It doesn’t take a genius to figure the increasing need for healthcare services in today’s day and age. In the race toward economic development to enable generic well-being, healthcare is a sector that is eternal in its requirement, in whatever form one can imagine.
Healthcare is also a sector that spans both pleasure and necessity. Ensuring the well-being of the population and the individual at the same time is the responsibility many governments have taken seriously, especially in areas where they have the infrastructure to infuse technology into everyday systems.
A PwC report estimates the global healthcare market at $9.59 trillion, a staggering amount by any standards. The sector itself is now subject to rejuvenation with the advent of the on-demand and sharing economy models – this is a rejuvenation in terms of both, the number of players entering the market and the technology they bring to the table to spread their own brand of healthcare all over the world.
As healthcare operates on several levels, let’s take a bird’s eye view of the industry and its fragmentation. We have Healthcare consumer engagement, Big Data and Analytics, Digital Diagnostics, EHR and clinical workflow, Post-acute solutions and Hospital Administration (domains overlap, being both public and private in their motivations and funding).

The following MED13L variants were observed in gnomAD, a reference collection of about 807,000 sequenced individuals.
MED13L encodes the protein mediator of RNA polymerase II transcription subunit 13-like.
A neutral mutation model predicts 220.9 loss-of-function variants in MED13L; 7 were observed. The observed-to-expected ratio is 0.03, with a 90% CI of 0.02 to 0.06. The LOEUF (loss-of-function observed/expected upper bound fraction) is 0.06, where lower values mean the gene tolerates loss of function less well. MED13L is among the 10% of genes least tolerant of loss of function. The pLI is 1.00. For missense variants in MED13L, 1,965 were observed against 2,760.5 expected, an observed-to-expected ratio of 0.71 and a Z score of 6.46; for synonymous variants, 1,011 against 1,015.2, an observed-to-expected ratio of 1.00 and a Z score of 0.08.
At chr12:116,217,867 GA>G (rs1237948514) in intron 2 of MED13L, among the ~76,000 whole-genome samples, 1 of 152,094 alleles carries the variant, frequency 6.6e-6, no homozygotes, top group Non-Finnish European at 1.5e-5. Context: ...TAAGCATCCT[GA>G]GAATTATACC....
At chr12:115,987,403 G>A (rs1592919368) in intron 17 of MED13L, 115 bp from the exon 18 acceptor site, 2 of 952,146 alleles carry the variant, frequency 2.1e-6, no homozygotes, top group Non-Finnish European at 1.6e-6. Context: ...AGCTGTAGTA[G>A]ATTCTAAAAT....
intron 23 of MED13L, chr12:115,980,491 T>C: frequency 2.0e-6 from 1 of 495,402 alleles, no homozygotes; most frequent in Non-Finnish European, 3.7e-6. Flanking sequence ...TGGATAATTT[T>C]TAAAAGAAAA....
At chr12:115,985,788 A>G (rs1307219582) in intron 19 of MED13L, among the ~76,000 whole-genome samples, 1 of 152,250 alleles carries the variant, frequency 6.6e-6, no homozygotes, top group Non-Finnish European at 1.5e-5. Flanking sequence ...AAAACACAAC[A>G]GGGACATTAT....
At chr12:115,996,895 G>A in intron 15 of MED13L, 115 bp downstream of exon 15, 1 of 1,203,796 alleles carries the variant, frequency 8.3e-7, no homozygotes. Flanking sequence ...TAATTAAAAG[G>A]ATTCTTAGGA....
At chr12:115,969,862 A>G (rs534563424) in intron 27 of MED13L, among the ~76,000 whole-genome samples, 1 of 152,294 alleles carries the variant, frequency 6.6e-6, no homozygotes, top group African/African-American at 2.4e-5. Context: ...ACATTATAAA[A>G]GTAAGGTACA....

Industry disruption is here to stay with the advent of technology in all of these sectors – Big Data wasn’t even in the picture till the late 2000s – as late as 2011, some say, as far as funding as concerned.
Healthcare models have been reactive till date with the establishment of centralized infrastructure like hospitals and other all-inclusive outfits for surgery and therapy. Now, we see the shift towards the proactive model – here, a decentralized, unit-based approach is taken. Efforts are being taken to empower each individual with the necessary monitoring, diagnostic and preventive tools in the form of wearable accessories, application-based testing (smartphones and otherwise), highly mobile forms of healthcare consultation, therapy and treatment – and finally, the consolidation of patient data in secure data vaults for reference and prognosis.
The fact that the population is aging in most developed nations with said infrastructure is also an indicator – elderly healthcare is a necessity that will fast become dogma for the industry as a whole. The fact that access needs to be brought to them rather than them seeking it actively is what strikes true – care-giving programs need to be necessarily of the ‘on-demand’ nature, supplemented with easy to use technology for an efficient solution.